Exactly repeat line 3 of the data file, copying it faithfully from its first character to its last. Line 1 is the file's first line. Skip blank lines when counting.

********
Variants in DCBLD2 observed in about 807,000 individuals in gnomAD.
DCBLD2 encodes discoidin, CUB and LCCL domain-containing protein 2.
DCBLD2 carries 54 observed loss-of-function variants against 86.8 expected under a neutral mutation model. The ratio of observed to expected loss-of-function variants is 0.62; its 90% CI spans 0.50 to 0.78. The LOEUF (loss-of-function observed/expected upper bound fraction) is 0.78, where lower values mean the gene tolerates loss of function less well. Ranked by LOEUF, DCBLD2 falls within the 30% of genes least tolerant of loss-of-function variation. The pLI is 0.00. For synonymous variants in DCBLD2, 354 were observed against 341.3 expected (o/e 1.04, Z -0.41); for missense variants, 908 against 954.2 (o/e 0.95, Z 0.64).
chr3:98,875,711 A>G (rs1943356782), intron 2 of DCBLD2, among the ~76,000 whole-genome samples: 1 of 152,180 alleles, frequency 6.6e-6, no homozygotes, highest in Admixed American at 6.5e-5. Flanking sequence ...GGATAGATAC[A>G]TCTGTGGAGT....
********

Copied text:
DCBLD2 carries 54 observed loss-of-function variants against 86.8 expected under a neutral mutation model. The ratio of observed to expected loss-of-function variants is 0.62; its 90% CI spans 0.50 to 0.78. The LOEUF (loss-of-function observed/expected upper bound fraction) is 0.78, where lower values mean the gene tolerates loss of function less well. Ranked by LOEUF, DCBLD2 falls within the 30% of genes least tolerant of loss-of-function variation. The pLI is 0.00. For synonymous variants in DCBLD2, 354 were observed against 341.3 expected (o/e 1.04, Z -0.41); for missense variants, 908 against 954.2 (o/e 0.95, Z 0.64).